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GINKGOACEAE

(Maidenhair family)

 

Fossil species are known but one existing species of the one genus is found in eastern Asia. The plant is widely cultivated as an ornamental but since the fruits are malodorous, male trees are preferred for gardens. Historical aspects were discussed by Franklin (1959).

[Summary yet to be added]


Ginkgo biloba L.
(syns Salisburia adiantifolia Sm., Salisburia biloba Hoffmsgg.)
Maidenhair, Ginkgo Tree

The name Ginkgo biloba was originally published by Carl von Linné [1771] in Mantissa Plantarum. Several more recently published incorrect variants of the generic name may be found in the literature, including Gingko Richter [1835], Gingkyo Mayr [1906], Ginkgyo auct., and Ginkyo Mägd. [1942].

The plant is widely cultivated and perhaps found wild in eastern China. Since ancient times, in Japan, the leaves have been inserted between the pages of books as a preservative. The green seed-kernel is edible (Watt & Breyer-Brandwijk 1962).

An early report of the noxious effects of the fruits was provided by Starr (1913) and by Maiden (1913). Saito (1929, 1930) observed dermatitic effects of the fruit juice for humans and rabbits. Contact with the fruit caused partially generalised dermatitis; patch testing with the fruit pulp produced an irritant reaction (Bolus 1939). The shell and kernel also produced positive patch test reations (Vollmer & Halter 1939). An epidemic of linear vesicular dermatitis principally on the legs occurred in 35 North American schoolgirls who walked through the crushed fruits under a tree (Sowers et al. 1965). These authors confirmed that undiluted fruit pulp was irritant but acetone extracts of the pulp diluted to non-irritant concentrations produced positive patch test reactions in the patients and in other individuals who had dermatitis from Toxicodendron. Additional evidence of cross-sensitivity with Anacardiaceae was provided by the finding that Ginkgo sensitive patients showed positive patch test reactions to pentadecylcatechol (Sowers et al. 1965). Handling the intact fruits is said not to cause dermatitis.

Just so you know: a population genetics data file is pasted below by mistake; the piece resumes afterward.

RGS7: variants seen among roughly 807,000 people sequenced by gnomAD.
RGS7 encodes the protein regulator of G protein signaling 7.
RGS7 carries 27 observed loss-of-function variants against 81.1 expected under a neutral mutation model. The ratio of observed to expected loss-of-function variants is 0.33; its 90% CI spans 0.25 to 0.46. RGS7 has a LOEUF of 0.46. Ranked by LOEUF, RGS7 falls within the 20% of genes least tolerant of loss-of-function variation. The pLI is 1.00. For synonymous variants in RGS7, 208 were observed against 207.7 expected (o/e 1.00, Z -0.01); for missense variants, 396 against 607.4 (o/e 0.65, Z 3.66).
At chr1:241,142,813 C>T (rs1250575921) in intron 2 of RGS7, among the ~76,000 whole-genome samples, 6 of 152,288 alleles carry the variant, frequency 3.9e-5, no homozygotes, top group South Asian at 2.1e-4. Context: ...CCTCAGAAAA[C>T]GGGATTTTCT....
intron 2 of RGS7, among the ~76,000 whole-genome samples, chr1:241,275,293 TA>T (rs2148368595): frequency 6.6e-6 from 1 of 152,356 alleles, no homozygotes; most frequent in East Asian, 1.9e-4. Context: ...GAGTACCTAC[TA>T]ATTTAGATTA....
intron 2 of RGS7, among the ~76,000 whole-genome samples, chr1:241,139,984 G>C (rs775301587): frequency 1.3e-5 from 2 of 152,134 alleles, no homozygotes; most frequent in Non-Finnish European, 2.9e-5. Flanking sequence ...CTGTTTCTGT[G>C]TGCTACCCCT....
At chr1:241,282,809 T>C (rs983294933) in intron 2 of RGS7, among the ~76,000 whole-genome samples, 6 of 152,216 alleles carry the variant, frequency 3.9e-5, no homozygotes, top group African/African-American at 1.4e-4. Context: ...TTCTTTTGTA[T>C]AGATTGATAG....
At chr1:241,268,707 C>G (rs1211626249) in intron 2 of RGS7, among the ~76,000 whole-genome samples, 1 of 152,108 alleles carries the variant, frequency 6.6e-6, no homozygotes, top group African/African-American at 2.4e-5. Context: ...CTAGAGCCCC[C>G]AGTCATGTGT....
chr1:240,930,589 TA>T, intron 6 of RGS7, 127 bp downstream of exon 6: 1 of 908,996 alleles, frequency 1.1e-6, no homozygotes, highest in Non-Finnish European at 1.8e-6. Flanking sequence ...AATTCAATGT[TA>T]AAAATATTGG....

Patch tests with the leaves have apparently not been performed. Ingestion of the fruit caused stomatitis and pruritus ani (Becker & Skipworth 1975). Their patient had a history of Toxicodendron dermatitis. Washing old fruits of the previous year produced dermatitis (Watt & Breyer-Brandwijk 1962). The significance of patch tests (Minaki 1969) and of open tests (Becker & Skipworth 1975) is doubtful because of probable irritancy of the fruit pulp.


References

  • Maiden JH (1913) Additional skin-irritating plants. Agricultural Gazette of New South Wales 24(9): 778
  • Watt JM, Breyer-Brandwijk MG (1962) The Medicinal and Poisonous Plants of Southern and Eastern Africa. Being an account of their medicinal and other uses, chemical composition, pharmacological effects and toxicology in man and animal, 2nd edn. Edinburgh: E & S Livingstone [WorldCat] [url]
  • [Others yet to be added]



Richard J. Schmidt [Valid HTML 4.01!]



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